12 October 2017

The Art of Maiolica


Maiolica wet drug jar, Montelupo, Italy, 17th Century. Available at Guest and Gray

Maiolica is the name given to the tin- glazed earthenware which flourished in Renaissance Italy.

In the early 1400’s, fine ceramics from Moorish Spain began to reach Italy, mainly through the trading port of Majorca, from which ‘Maiolica’ is thought to derive its name.
 

The Spanish ceramicists had mastered the art of the tin glaze, whereby tin oxide (purchased as a powdery white ash) is applied to kiln-fired clay. The glaze produces the characteristically opaque white background, to which other colours are delicately applied. 

 Maiolica was used for a variety of practical wares such as plates, bowls, tiles and drug jars; but it is perhaps best known in the form of the show dish.
 

Large decorative dishes in the Istoriato style, (translated literally as ‘painted with stories’) became popular in the 1500’s. Historical, biblical and mythological scenes inspired their decoration.
 

The chemical qualities of the tin glaze protect and preserve colour and line with a glass-like finish. The technique has ensured that over hundreds of years the distinctive designs of Maiolica appear much as they did when they were first produced, offering a fascinating insight into the visual world of Renaissance Italy.
 

Maiolica is produced in Italy to this day and workshops throughout Europe have sought to revive it's unique aesthetic since the Renaissance. If you are enchanted by the beauty of this fascinating ceramic, we've selected some original antique and revival style pieces available at Grays...
Maiolica plate, Castelli Italy, c.1700. Available at Guest and Gray.

Maiolica 'Istoriato' dish, Urbino, Italy, c.16th century. Available at Guest and Gray
Maiolica Apothecary Jar, Montelupo Italy, c17th-18th century. Available at Guest and Gray.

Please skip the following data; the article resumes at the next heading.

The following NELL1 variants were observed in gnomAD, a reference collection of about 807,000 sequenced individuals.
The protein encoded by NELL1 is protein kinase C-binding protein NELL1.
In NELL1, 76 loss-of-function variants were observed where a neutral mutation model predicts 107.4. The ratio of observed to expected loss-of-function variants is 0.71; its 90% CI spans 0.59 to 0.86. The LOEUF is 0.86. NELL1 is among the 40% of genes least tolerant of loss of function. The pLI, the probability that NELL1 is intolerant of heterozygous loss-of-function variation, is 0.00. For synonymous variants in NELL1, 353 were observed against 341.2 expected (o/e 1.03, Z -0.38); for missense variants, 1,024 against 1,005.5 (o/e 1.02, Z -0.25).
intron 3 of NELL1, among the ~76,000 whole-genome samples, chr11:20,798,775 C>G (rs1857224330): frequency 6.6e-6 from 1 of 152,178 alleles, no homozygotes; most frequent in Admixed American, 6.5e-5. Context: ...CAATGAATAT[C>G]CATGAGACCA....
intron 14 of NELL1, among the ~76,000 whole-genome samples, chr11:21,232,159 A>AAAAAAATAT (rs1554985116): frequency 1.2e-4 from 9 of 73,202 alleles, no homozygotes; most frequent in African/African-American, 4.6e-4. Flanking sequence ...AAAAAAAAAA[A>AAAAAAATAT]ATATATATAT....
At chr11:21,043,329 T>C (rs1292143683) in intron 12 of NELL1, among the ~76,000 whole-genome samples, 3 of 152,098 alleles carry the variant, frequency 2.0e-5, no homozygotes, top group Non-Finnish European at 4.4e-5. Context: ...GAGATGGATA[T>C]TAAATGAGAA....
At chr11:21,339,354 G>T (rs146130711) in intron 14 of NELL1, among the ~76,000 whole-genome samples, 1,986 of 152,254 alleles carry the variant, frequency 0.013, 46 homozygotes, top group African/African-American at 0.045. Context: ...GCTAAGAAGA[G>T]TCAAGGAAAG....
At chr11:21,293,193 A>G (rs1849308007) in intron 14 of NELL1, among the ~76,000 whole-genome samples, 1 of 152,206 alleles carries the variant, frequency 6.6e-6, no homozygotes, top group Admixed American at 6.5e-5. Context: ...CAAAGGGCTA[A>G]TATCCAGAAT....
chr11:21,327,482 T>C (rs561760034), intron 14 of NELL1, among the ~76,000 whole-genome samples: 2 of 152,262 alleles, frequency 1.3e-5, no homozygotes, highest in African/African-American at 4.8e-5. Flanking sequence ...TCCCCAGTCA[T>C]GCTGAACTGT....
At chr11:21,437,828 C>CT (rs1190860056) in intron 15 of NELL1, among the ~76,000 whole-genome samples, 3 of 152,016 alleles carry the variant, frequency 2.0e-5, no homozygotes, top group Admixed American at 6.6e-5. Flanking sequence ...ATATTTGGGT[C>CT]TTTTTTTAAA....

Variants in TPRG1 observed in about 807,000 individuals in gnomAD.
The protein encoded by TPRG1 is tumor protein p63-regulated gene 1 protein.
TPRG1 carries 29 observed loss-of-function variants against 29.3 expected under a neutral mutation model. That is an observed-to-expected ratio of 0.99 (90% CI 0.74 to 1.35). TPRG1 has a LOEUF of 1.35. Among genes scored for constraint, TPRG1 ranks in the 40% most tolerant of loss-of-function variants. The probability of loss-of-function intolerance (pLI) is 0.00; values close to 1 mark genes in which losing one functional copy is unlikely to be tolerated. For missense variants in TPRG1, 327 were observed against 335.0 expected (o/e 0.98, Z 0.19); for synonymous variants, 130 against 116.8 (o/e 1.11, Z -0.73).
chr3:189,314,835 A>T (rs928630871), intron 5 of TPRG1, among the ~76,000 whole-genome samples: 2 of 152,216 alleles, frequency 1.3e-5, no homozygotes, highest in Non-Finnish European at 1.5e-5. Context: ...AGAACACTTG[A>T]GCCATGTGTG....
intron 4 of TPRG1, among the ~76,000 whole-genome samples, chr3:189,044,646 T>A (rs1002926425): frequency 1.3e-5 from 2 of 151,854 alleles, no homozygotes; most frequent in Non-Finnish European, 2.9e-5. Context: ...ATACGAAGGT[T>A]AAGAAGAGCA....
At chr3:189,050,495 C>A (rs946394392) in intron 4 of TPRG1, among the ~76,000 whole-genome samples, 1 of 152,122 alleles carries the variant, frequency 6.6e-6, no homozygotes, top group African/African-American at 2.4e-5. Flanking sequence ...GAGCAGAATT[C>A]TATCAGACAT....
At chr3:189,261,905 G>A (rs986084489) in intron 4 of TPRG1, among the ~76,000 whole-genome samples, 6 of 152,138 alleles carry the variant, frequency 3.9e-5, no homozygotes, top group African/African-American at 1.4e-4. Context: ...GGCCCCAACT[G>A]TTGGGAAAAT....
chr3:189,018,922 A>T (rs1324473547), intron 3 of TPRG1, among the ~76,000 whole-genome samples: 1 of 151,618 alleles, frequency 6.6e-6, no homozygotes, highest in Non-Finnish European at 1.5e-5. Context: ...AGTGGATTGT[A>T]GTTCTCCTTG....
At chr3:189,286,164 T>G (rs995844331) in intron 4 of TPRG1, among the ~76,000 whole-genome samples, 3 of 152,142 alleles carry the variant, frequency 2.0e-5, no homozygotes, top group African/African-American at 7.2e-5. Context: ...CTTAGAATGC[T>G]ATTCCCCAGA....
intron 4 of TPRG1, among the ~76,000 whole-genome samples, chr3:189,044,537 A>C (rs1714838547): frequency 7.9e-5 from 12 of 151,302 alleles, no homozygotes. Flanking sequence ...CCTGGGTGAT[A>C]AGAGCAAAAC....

'Istoriato' Show Dish, Continental Revival, c.1800. Available at Patrick Boyd Carpenter
Maiolica Armorial Jar, Montelupo, Italy, c.1500-1520. Available at Guest and Gray.

6 October 2017

Birthstone of the month: Opal & Tourmaline

October's birthstone is considered one of the most desirable because it has two stones to choose from - opals which are famous for their "play on colours", and tourmaline known for its wide array of colours.  

Through the ages, Monarchs have treasured opals, both for their beauty and their protective powers.  Traditionally set into crowns and necklaces they were worn to repel evil and protect the eyesight.  The opal has certainly had a reputation over the centuries from the time of The Black Death, when they mainly believed the gem to be the cause of death, thus losing its buying appeal. Then in the Elizabethan period it was deemed a treasured beauty, which was further expressed during Queen Victoria's reign when she gifted opal  jewellery to her children, thus recreating an increase in popularity again.  However, the stone continued to have a mixed reputation, no thanks to the novel Anne of Geuerstein - written by Sir Walter Scott in 1887 - who depicted the opal as an evil stone.

Tourmaline, the alternate birthstone for October, is a gemstone that displays a vast spectrum of colours and is often misidentified as ruby, emerald or sapphire.

Here at Grays you will find a wonderful display of opal and tourmaline pieces waiting to be discovered.


Edwardian 18ct gold, four stone opal & diamond ring. Available at The Antique Jewellery Company



Edwardian 18ct gold, large opal & rose diamond cluster ring. Available at The Antique Jewellery Company

Victorian tortoise opal brooch dated 1870s, with cahonsion eyes set in silver and gold. Available at DB Gems

Opal cufflinks. Dated 1890. Available at DB Gems

1920s Mexican fire opal platinum ring. Available at DB Gems


Opal and heart brooch. Dated 1890. Available at DB Gems

1930s Suite, 70ct green tourmaline rose gold and diamonds. Available at Bellum Antiques

A very high quality white oval opal ring surrounded by 1.0 ct diamonds. Available at S.Greenstein
18ct Gold mounted wood opal and ruby stone set lady's tortoise brooch, c1960s. Available at Shapiro & Co

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